Nipple Pincers & Butt Pokers: Weird Ways to Verify Death
In the 18th and 19th centuries, there existed a very real fear of being buried alive. The worry was stoked by disturbing newspaper reports, including one that appeared in the New York Times. The brief described a young man by the name of Jenkins who had been buried the day after his supposed death. Apparently, when the coffin was opened many days later by his relatives, who wished to move the body to the family burial ground, they were greeted by a ghastly sight. Jenkins' body was lying face down, with much of his hair pulled out. Scratches lined the inside of the coffin, as if Jenkins had tried to claw open the lid.
Across the Atlantic, in 1895, physician J.C. Ouseley lent a measure of plausibility to the frightful accounts. After conducting extensive research, he claimed that as many as 2,700 people were buried prematurely in England and Wales annually. Though Ouseley's statistics were likely exaggerated, groups like the London Association for the Prevention of Premature Burial (LAPPB) were founded to curb the chances of such a nightmare scenario actually occurring. With wide public support, the LAPPB and other smaller organizations lobbied for burial reforms and demanded that doctors thoroughly inspect fresh corpses for signs of life.
As a result of the public outcry, many physicians developed and instituted quite a bizarre arsenal of diagnostic procedures for verifying death. Preventing mistaken burial became a top priority, as well as a marketing gimmick. Bereaved relatives would pay higher prices if it ensured that their loved ones weren't confined to coffin while still alive.
In 2002, medical historian Jan Bondeson researched some of these quirky methods for his spooky, fascinating book Buried Alive. Science writer Mary Roach neatly and humorously summarized them in Stiff: The Curious Lives of Human Cadavers.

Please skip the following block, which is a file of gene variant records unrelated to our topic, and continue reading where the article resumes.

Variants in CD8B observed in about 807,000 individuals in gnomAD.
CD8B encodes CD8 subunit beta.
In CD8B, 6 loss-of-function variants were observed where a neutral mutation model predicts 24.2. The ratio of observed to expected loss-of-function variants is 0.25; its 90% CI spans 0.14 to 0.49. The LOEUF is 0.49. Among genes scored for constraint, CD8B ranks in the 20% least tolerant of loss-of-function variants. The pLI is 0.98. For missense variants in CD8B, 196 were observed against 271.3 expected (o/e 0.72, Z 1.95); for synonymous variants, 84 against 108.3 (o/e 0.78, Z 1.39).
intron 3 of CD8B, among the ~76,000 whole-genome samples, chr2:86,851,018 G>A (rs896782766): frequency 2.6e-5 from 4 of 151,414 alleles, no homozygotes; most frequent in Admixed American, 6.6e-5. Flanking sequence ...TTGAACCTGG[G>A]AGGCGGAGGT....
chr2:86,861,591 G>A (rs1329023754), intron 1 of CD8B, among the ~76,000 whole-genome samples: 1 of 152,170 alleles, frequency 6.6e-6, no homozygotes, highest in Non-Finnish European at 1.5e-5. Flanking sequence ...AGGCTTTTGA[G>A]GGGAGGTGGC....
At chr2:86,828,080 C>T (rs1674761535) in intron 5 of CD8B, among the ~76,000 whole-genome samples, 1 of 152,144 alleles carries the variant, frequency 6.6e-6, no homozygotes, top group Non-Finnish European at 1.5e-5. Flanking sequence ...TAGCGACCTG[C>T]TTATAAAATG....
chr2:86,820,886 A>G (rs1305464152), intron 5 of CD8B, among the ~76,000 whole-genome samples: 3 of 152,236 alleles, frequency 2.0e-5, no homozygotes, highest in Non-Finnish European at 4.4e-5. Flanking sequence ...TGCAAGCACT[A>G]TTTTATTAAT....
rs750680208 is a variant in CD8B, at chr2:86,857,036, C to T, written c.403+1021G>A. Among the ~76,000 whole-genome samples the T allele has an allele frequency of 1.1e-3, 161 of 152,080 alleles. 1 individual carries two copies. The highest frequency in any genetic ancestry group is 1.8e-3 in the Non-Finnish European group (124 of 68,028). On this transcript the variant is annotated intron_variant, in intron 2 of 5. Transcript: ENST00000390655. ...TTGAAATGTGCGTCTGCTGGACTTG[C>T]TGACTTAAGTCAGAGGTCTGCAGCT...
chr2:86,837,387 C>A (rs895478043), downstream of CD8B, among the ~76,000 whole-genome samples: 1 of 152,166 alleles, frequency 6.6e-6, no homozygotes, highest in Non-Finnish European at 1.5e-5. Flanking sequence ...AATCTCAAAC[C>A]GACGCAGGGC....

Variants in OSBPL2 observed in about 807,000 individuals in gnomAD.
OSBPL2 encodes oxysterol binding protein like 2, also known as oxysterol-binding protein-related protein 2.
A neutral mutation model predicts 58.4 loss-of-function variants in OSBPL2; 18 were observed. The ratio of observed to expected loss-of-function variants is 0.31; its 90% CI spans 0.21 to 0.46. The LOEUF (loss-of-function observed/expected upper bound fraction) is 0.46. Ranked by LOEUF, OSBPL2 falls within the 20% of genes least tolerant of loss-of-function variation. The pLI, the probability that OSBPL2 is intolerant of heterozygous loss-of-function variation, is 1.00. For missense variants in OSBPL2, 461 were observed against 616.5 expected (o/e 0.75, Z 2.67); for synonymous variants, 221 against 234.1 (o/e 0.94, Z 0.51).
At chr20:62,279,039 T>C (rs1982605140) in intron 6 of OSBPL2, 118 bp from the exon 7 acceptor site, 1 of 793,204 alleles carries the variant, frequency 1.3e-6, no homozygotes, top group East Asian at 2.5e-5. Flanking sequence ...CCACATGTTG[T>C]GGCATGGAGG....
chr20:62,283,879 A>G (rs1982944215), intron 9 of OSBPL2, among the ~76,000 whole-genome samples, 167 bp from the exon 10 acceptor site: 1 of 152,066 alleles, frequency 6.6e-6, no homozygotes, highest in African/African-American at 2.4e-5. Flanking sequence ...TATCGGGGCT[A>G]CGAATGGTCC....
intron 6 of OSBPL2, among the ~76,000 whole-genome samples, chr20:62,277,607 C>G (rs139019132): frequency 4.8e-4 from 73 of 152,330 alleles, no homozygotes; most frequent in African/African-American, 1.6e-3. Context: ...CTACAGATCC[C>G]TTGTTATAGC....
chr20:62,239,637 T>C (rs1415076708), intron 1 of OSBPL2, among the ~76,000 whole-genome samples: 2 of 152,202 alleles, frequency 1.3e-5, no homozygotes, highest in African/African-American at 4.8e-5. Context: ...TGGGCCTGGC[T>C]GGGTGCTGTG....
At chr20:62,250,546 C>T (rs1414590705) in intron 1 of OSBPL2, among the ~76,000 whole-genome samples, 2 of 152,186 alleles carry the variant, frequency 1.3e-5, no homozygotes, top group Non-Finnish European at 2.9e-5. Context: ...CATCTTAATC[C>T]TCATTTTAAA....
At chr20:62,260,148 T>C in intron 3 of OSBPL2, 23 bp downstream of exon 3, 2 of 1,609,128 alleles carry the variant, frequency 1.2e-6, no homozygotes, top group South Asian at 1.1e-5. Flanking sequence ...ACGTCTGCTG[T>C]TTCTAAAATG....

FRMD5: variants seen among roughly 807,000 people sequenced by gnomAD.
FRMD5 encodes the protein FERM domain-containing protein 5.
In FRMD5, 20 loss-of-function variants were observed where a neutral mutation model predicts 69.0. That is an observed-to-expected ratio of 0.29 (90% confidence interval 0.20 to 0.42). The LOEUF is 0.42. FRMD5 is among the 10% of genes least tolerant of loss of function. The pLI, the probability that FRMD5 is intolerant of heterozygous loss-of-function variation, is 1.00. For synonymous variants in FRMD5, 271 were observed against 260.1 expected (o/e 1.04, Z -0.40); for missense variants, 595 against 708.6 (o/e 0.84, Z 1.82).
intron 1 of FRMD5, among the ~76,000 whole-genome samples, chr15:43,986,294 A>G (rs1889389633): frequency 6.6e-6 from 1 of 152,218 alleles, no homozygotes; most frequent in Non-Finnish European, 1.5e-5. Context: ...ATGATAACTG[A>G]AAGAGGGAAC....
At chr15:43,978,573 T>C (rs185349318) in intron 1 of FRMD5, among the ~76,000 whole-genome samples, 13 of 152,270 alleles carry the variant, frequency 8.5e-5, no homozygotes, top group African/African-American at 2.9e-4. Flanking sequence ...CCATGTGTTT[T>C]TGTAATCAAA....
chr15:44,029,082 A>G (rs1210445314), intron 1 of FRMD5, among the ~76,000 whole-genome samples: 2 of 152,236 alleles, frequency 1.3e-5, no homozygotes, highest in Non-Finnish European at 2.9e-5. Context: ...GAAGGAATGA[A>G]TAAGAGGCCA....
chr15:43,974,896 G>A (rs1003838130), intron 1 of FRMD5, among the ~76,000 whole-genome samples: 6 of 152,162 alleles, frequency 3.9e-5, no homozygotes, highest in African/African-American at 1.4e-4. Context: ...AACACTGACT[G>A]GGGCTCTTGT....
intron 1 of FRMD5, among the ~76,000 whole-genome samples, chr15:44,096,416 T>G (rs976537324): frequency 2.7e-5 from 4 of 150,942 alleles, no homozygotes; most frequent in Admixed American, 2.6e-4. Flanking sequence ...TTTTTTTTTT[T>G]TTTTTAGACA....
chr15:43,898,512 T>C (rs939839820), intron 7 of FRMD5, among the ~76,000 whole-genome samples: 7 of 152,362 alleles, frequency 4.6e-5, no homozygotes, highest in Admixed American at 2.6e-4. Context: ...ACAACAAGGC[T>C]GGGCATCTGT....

"The techniques," Roach wrote, "seemed to fall into two categories: those that purported to rouse the unconscious patient with unspeakable pain, and those that threw in a measure of humiliation."
The soles of the feet were sliced with razors, and needles jammed beneath toenails. Ears were assaulted with bugle fanfares and "hideous Shrieks and excessive Noises." One French clergyman recommended thrusting a red-hot poker up what Bondeson genteelly refers to as "the rear passage." A French physician invented a set of nipple pincers specifically for the purpose of reanimation. Another invented a bagpipelike contraption for administering tobacco enemas, which he demonstrated enthusiastically on cadavers in the morgues of Paris. The seventeenth-century anatomist Jacob Winslow entreated his colleagues to pour boiling Spanish wax on patient's foreheads and warm urine into their mouths. One Swedish tract on the matter suggested that a crawling insect be put into the corpse's ear. For simplicity and originality though, nothing quite matches the thrusting of "a sharp pencil" up the presumed cadaver's nose.None of these methods gained wide acceptance, however, especially because there existed a far simpler, much less humiliating, albeit smellier method of determining death: putrefaction. After two to three days of the body being left out, optimally in a hot, humid environment (or not so optimally if one is prone to queasiness), it becomes rather apparent if the person is alive or dead. The abdomen will start to swell and grow discolored, and there will be a stench.
Nowadays, of course, we have more refined and scientifically valid methods of determining death. Doctors can precisely monitor heart rate, breathing, as well as brain activity. When such signs are absent, a person has probably passed on. They also watch for hypostasis, where the blood pools in the lower portion of the body, and algor mortis, a rapid drop in body temperature.